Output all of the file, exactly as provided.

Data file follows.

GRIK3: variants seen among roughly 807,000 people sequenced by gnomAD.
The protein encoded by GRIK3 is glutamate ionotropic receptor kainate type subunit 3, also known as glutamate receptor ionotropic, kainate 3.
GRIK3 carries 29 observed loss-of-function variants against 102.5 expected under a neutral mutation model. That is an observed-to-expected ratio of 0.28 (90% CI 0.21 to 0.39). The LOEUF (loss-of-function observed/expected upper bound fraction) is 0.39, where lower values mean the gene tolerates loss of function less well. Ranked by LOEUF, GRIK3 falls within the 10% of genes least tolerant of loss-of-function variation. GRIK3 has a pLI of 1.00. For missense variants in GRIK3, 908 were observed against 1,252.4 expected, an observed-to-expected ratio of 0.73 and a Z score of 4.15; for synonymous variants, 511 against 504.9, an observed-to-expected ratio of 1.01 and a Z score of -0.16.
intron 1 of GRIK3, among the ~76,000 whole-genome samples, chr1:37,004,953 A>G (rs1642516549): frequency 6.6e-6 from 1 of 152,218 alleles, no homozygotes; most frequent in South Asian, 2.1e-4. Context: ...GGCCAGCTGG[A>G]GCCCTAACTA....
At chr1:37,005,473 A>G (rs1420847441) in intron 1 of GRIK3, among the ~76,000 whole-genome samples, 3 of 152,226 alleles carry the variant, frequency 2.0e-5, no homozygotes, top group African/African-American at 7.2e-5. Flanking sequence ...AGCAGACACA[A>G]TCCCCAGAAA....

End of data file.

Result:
GRIK3: variants seen among roughly 807,000 people sequenced by gnomAD.
The protein encoded by GRIK3 is glutamate ionotropic receptor kainate type subunit 3, also known as glutamate receptor ionotropic, kainate 3.
GRIK3 carries 29 observed loss-of-function variants against 102.5 expected under a neutral mutation model. That is an observed-to-expected ratio of 0.28 (90% CI 0.21 to 0.39). The LOEUF (loss-of-function observed/expected upper bound fraction) is 0.39, where lower values mean the gene tolerates loss of function less well. Ranked by LOEUF, GRIK3 falls within the 10% of genes least tolerant of loss-of-function variation. GRIK3 has a pLI of 1.00. For missense variants in GRIK3, 908 were observed against 1,252.4 expected, an observed-to-expected ratio of 0.73 and a Z score of 4.15; for synonymous variants, 511 against 504.9, an observed-to-expected ratio of 1.01 and a Z score of -0.16.
intron 1 of GRIK3, among the ~76,000 whole-genome samples, chr1:37,004,953 A>G (rs1642516549): frequency 6.6e-6 from 1 of 152,218 alleles, no homozygotes; most frequent in South Asian, 2.1e-4. Context: ...GGCCAGCTGG[A>G]GCCCTAACTA....
At chr1:37,005,473 A>G (rs1420847441) in intron 1 of GRIK3, among the ~76,000 whole-genome samples, 3 of 152,226 alleles carry the variant, frequency 2.0e-5, no homozygotes, top group African/African-American at 7.2e-5. Flanking sequence ...AGCAGACACA[A>G]TCCCCAGAAA....